from IPython.frontend.qt.console.frontend_widget import FrontendWidget
  File "/Users/rmcgibbo/local/ipython/IPython/frontend/qt/console/frontend_widget.py", line 15, in <module>
    from IPython.core.inputsplitter import InputSplitter, transform_classic_prompt
ImportError: cannot import name transform_classic_prompt
Owner

takluyver commented Nov 13, 2012

Thanks, @rmcgibbo , good catch. I've fixed that now.

Owner

jasongrout commented Dec 6, 2012

As I mention on gh-2612, a lot of the string-based line transformers might be better done as tokenizer transforms. For example, %magic transformations can automatically take into account line continuations and strings. See #2612 (comment) for an example. In fact, this would probably be a better way to do all of the line-prefix IPython syntax ('%', '!!', etc.). Just look for the prefix as either the first token or as a token immediately following a newline token.

Contributor

dwf commented Jan 7, 2013

Just ran into this myself, with ! at the beginning of a line being transformed if inside a multiline string, but this discussion seems to have died. What's the current state of this pull request? Has it been superseded by something else?

Owner

takluyver commented Jan 7, 2013

It's not superseded. I'd like to get it merged, but it's a big enough change that I'm hoping @fperez will be able to look at it first. He's rather busy at the moment, though - maybe we should just land it and look out for breakages, before something comes along to conflict with it.

Thoughts, anyone?

Contributor

rmcgibbo commented Jan 7, 2013

If there's any work that needs doing (by a novice), I'd be happy to contribute a pair of eyes, write some tests, or whatever.

Contributor

bfroehle commented Jan 7, 2013

@takluyver I think another consideration is where in the release cycle we are. Given the scope, we probably want to land this a few months before a new point release so we have ample time to work out any kinks.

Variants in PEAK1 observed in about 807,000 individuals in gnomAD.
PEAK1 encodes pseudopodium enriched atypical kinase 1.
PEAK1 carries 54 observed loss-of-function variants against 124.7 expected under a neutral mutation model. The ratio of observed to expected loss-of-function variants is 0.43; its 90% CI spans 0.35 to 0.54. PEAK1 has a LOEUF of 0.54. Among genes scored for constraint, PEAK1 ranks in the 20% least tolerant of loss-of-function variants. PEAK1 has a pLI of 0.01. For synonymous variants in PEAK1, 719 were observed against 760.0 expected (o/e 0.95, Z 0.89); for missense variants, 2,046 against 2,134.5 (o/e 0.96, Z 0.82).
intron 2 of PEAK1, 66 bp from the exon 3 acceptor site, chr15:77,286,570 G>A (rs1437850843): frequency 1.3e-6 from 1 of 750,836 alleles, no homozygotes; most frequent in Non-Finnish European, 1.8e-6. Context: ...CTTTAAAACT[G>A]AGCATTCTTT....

Owner

takluyver commented Jan 7, 2013

I think what I'm mainly after is a review of the design itself - see the initial description of this PR. For instance, Jason has pushed me to think about token-based transformers, which I think it should be possible to add to the same conceptual framework.

Anyone's welcome to make suggestions like that, but I have a lot of respect for Fernando's judgement in particular about what's required and what's unnecessary. But I agree that we need to get big changes in to give us time to find the problems before 0.14. I'll email Fernando and see if he'll have time soon.

Contributor

rmcgibbo commented Jan 7, 2013

Sweet. All of this sounds good.

Owner

fperez commented Jan 8, 2013

Just catching up here... I've been away for so long that I need to fit everything back into my mental cache, which right now is very, very cold. I've given everything a first read and will sleep on it and come back tomorrow to work further on it. But definitely as @takluyver says, now is the time to pitch in with further feedback on how well this works, ideas/problems, etc.

@bfroehle is 100% right that we need to be very careful regarding our release cycle. We haven't really had that discussion yet, but indeed merging this close to a release would be a bad idea. This touches the very heart of the system in major ways, so it should be done early in a full cycle, not late. But let's bang on it and review it for now, we can see what the right approach re. release will be once we're happy with the approach and code.

Thanks again to @takluyver for the enormous amount of work you've put into this: this stuff is not easy, so I really appreciate you working on it with such care.

Owner

jasongrout commented Jan 8, 2013

This may or may not make a difference, but right now the transformer system is the major holdup of getting the new IPython in Sage. In particular, right now there isn't a nice way for us to pass everything on to the input transformers (including things inside of strings). We can patch our IPython, but having a more flexible official system like this pull request starts giving would be better, of course.

Owner

fperez commented Jan 8, 2013

@jasongrout, definitely lay out for us anything in the planned new design that would be insufficient/suboptimal for you guys. Feedback like that is precisely what we need at this point, and Sage and Sympy are probably our highest priority real-world use cases.

Owner

jasongrout commented Jan 8, 2013

I think having the ideas in this pull request, plus token-based transformers, handles our use cases.

My comment above was an encouragement to get this pull request in (or at least the ideas behind this pull request). I haven't converted our transformers over to use AST-based transforms, but hope to in the near future.

Owner

fperez commented Jan 15, 2013